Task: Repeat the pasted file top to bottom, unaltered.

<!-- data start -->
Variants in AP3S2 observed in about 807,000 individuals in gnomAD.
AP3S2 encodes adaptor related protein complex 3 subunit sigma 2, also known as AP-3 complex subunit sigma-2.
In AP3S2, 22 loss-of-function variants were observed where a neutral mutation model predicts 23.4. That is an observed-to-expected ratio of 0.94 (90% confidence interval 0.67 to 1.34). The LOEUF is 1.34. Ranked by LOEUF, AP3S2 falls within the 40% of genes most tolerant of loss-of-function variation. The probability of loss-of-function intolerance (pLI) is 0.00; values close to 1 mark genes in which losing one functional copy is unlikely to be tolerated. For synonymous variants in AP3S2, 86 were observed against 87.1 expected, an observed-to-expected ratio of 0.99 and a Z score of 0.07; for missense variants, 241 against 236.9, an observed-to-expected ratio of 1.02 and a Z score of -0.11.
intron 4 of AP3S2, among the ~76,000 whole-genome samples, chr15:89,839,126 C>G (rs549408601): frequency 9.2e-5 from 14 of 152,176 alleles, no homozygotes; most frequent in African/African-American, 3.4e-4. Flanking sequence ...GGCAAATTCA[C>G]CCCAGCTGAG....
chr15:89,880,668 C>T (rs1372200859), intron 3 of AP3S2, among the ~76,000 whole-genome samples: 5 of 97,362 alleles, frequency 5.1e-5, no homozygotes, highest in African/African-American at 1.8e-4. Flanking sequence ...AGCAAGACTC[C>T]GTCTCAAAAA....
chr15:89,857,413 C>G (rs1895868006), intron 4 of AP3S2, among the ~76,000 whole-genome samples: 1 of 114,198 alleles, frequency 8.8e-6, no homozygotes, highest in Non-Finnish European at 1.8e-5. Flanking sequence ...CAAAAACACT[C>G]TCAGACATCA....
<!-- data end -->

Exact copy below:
Variants in AP3S2 observed in about 807,000 individuals in gnomAD.
AP3S2 encodes adaptor related protein complex 3 subunit sigma 2, also known as AP-3 complex subunit sigma-2.
In AP3S2, 22 loss-of-function variants were observed where a neutral mutation model predicts 23.4. That is an observed-to-expected ratio of 0.94 (90% confidence interval 0.67 to 1.34). The LOEUF is 1.34. Ranked by LOEUF, AP3S2 falls within the 40% of genes most tolerant of loss-of-function variation. The probability of loss-of-function intolerance (pLI) is 0.00; values close to 1 mark genes in which losing one functional copy is unlikely to be tolerated. For synonymous variants in AP3S2, 86 were observed against 87.1 expected, an observed-to-expected ratio of 0.99 and a Z score of 0.07; for missense variants, 241 against 236.9, an observed-to-expected ratio of 1.02 and a Z score of -0.11.
intron 4 of AP3S2, among the ~76,000 whole-genome samples, chr15:89,839,126 C>G (rs549408601): frequency 9.2e-5 from 14 of 152,176 alleles, no homozygotes; most frequent in African/African-American, 3.4e-4. Flanking sequence ...GGCAAATTCA[C>G]CCCAGCTGAG....
chr15:89,880,668 C>T (rs1372200859), intron 3 of AP3S2, among the ~76,000 whole-genome samples: 5 of 97,362 alleles, frequency 5.1e-5, no homozygotes, highest in African/African-American at 1.8e-4. Flanking sequence ...AGCAAGACTC[C>T]GTCTCAAAAA....
chr15:89,857,413 C>G (rs1895868006), intron 4 of AP3S2, among the ~76,000 whole-genome samples: 1 of 114,198 alleles, frequency 8.8e-6, no homozygotes, highest in Non-Finnish European at 1.8e-5. Flanking sequence ...CAAAAACACT[C>G]TCAGACATCA....